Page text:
In the early years of this 21st century, the world is faced with an immense social question, linked to three major transformations:

– The first is economic in nature: it stems from the effects of a globalised economy, putting countries in competition with each other, leading to the offshoring and relocation of companies, regional divisions, increased inequality, mobility and migration.

– The second is ecological in nature: the fight against global warming imposes drastic changes in lifestyles, condemning the most traditional ones to give way to new ones yet to be invented, and these changes have a greater impact on the least privileged populations.

– The third is technological: the digital revolution raises questions about the future of work and the nature of jobs in a digital society.

These three major transformations are often addressed independently and unilaterally, whereas they are concomitant and interact with each other. The reality of these transformations is not just economic or ecological or technological: it is of a social nature and has new, specific characteristics.

– The first aspect of the new social question is the focus of numerous works describing the development of new social and regional stratifications, the deepening of inequalities, the hollowing out of societies hitherto centred around the middle class with a shift to new, increasingly heterogeneous social classes. As a consequence, statistical instruments, which are constructed on a national basis and homogenise and group populations into categories, are no longer relevant to describe a heterogeneous, disparate social reality, crossed by divergent trends.

– The new social question does not only call into question social stratifications, it also concerns lifestyles. Fighting climate change will require profound changes in the way we eat, consume, live, and even the way we view family life. The demands of the fight against global warming are unravelling the fragile balances that people had managed to build in response to economic transformations. A change in lifestyles will ineluctably lead to a redefinition of identities.

– The third aspect of the new social question is psychological. The transformations under way are snowballing, generating a flurry of comments and blurring our vision of the future: we are caught between the need to adapt, which sounds like a condemnation of our past ways, and a sense of overwhelming uncertainty. The future can no longer be built upon the past and seen as progress. How can you imagine a future when you no longer know what can be done or what you should be?

No society on the planet is left unspared by these transformations, although their social consequences admittedly differ from one place to another. The characteristics described above probably concern developed societies more than emerging countries, but there is no country in which they do not translate into social reality.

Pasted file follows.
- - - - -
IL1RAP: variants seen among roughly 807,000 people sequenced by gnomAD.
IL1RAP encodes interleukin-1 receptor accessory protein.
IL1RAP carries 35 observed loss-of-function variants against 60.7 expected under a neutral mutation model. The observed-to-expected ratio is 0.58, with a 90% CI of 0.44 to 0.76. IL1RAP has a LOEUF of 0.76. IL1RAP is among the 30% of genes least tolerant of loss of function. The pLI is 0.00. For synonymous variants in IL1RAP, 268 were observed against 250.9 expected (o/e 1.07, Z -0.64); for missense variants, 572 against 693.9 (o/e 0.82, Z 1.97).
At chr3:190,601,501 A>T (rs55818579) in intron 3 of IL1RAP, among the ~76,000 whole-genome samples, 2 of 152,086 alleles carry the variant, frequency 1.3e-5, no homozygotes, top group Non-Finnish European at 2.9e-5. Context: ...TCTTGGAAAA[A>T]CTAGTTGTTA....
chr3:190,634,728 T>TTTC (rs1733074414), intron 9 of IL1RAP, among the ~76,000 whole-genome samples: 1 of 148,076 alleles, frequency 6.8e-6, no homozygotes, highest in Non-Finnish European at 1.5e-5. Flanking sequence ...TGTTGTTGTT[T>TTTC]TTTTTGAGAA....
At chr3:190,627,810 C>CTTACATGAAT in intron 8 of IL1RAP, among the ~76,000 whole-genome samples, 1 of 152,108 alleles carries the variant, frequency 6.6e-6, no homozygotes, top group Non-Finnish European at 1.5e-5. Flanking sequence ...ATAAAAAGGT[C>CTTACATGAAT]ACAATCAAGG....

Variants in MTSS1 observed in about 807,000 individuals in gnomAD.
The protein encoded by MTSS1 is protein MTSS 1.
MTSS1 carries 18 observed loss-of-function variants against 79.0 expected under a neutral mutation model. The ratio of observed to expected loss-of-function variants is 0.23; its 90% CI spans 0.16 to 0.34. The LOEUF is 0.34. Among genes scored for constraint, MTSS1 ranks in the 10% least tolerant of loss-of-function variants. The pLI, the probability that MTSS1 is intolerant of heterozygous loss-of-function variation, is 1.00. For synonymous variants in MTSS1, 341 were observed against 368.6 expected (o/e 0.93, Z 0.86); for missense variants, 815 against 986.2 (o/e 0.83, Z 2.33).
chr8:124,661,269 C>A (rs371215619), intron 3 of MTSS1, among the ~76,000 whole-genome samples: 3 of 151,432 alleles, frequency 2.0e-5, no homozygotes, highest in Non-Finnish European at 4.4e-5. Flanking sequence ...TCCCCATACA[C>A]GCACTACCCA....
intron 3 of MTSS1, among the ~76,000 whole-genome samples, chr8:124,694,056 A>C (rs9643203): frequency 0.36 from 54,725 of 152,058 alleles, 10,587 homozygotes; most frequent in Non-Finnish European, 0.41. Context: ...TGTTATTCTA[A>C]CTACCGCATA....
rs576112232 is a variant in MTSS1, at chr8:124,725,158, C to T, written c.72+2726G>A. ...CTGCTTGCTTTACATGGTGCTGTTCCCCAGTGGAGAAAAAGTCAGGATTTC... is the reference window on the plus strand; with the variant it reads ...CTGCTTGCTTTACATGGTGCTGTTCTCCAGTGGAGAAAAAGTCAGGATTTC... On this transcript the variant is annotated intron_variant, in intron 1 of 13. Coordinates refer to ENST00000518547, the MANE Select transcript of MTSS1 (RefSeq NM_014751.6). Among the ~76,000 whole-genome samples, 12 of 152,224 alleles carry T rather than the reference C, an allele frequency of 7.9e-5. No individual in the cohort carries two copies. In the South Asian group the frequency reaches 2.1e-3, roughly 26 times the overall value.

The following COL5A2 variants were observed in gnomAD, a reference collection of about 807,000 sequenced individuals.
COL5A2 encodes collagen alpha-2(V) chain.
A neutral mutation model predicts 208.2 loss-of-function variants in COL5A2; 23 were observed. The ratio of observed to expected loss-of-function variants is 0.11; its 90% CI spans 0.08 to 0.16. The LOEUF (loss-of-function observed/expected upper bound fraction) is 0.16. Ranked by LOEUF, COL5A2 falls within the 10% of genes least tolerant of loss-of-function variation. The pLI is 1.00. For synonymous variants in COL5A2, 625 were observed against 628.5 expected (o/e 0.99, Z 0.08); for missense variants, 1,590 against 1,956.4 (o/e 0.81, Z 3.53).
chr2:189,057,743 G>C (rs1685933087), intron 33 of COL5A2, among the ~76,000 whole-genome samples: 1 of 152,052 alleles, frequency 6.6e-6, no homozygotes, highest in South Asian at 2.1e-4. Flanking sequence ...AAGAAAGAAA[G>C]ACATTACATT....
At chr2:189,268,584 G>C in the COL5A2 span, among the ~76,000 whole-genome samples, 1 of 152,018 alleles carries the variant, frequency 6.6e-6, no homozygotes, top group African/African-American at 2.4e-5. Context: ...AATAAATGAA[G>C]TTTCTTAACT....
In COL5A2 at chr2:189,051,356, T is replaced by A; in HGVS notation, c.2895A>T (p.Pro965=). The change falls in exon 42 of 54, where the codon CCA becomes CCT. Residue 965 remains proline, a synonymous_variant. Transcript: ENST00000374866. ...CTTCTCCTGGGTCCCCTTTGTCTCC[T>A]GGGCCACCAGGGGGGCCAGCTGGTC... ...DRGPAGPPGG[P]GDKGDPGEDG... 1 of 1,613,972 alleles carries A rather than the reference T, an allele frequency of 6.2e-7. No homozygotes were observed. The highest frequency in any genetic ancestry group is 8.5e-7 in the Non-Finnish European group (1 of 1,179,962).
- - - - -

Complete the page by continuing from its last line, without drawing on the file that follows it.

These transformations can only be successful if they meet the social challenge they pose. This implies going beyond the somewhat Darwinian logic of adaptation which, more often than not, is used to sum up the new social question (sink or swim). It is precisely achieving successful transformation that defines the social responsibility of intellectuals, public authorities and economic and financial players in the early years of this 21st century.

This responsibility involves answering three questions.

First, a philosophical question, pertaining to the vision of society that must guide the orchestration of the transformations under way. We cannot purport to have no definitions of the notions underpinning a successful social life: identity, equality, justice, solidarity, fraternity, dignity, living a good life…

The political question is whether there is a solution to the new social question outside the national framework that globalisation, with its rationale of border suppression and free competition, tends to cast aside. Does the imperative to be “inclusive”, which is so much in vogue, have any meaning outside the context of a national community and the solidarity it allows?

Economic and financial players are the agents of the three transformations, the nexus where they are articulated and have concrete effects. The question they need to address is how to introduce changes in the fairest way, one that will mitigate their most deleterious effects while satisfying the value criteria of a good society.